The Court finds Oberweis' arguments regarding the parties' course of dealing equally unavailing. Oberweis claims that it has never arbitrated a grievance that did not relate to disciplinary or discharge proceeding. It states this is evidence that supports finding a mutual mistake occurred.

If this were actually the case, the Court might agree; however, Oberweis admits that on November 4, 2010, it responded to a grievance that related to the payment of

Page 992

delivery charges - a grievance unrelated discharge or discipline. See, Def.'s L.R. 56.1 Statement of Fact ¶ ¶ 37-39. While Oberweis explains that ultimately the grievance was never arbitrated and avers that it responded only because of its " general obligation to bargain with the Union . . . [,]" the fact remains this was a grievance relating to a violation of the 2009 CBA that did not relate to discipline or discharge. Id. ¶ 39. Similarly, Oberweis acknowledges that in 2010 it responded to two separate unfair labor practice charges the Teamsters filed. Id. ¶ ¶ 40-41. Oberweis states it responded to these grievances because of " pressure from the labor board," and not because it agreed Article 4 of the CBA required the arbitration. Id. ¶ 41.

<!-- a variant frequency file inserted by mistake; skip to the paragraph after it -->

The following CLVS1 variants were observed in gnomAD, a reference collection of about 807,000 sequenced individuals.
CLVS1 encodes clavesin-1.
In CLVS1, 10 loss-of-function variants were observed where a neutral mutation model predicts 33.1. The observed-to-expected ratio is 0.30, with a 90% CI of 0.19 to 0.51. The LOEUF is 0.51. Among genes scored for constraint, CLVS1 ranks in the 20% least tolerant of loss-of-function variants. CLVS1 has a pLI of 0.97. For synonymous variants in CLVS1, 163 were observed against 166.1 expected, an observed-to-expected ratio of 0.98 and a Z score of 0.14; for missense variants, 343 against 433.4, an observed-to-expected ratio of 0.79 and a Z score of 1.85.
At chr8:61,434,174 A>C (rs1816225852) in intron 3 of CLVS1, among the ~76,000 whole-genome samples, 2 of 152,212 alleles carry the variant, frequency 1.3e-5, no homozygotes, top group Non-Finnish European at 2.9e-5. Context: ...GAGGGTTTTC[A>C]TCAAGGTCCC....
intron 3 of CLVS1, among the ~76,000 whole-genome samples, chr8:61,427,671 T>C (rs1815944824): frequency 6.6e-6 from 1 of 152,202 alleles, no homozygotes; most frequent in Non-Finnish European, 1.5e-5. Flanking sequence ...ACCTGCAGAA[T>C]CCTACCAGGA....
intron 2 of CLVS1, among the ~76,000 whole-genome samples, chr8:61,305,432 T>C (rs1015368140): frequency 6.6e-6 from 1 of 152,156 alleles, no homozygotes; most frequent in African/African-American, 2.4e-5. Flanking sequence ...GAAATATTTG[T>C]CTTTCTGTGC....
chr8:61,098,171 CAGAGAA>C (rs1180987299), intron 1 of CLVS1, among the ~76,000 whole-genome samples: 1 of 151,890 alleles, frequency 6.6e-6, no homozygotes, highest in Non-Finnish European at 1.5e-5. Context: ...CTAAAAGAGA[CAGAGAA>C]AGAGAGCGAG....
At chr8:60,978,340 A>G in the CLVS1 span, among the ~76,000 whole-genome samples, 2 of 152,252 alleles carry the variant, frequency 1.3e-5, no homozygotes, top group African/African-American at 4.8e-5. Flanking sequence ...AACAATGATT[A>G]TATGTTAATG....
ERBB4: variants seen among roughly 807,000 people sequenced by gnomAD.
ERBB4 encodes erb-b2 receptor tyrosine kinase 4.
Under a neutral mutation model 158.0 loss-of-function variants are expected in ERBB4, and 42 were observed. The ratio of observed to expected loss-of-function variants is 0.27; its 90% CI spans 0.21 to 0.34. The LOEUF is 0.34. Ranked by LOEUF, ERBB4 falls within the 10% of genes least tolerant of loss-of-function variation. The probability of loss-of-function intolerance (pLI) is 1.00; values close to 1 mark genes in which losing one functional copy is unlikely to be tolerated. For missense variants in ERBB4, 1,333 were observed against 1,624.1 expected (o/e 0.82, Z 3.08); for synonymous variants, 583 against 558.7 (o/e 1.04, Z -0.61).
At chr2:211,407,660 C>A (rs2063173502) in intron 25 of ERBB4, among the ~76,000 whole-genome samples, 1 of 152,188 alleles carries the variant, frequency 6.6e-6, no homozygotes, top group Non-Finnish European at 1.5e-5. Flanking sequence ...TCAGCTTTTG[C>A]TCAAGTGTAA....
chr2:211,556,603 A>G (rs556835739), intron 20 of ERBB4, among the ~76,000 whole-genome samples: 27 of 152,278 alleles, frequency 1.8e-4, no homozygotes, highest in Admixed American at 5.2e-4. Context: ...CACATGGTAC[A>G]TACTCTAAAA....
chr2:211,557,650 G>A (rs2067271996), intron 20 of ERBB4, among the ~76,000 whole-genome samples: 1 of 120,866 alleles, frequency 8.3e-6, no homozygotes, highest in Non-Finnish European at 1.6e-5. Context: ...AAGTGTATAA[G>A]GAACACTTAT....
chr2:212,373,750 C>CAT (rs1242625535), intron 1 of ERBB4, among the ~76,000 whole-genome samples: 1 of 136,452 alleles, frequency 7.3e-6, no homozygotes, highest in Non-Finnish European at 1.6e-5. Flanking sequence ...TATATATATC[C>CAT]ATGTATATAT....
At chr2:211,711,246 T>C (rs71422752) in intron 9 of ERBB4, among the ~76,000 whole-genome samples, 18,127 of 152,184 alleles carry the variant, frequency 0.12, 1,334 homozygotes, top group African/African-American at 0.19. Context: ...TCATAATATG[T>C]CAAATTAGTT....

Regardless of the reasons why Oberweis responded to and arbitrated the aforementioned grievances, it is undisputed that these non-discharge, non-disciplinary grievances were addressed. Thus, the Court does not find the parties' prior course of dealing convincing to establish that the parties did not intend issues relating to violations of the 2009 CBA to be arbitrated.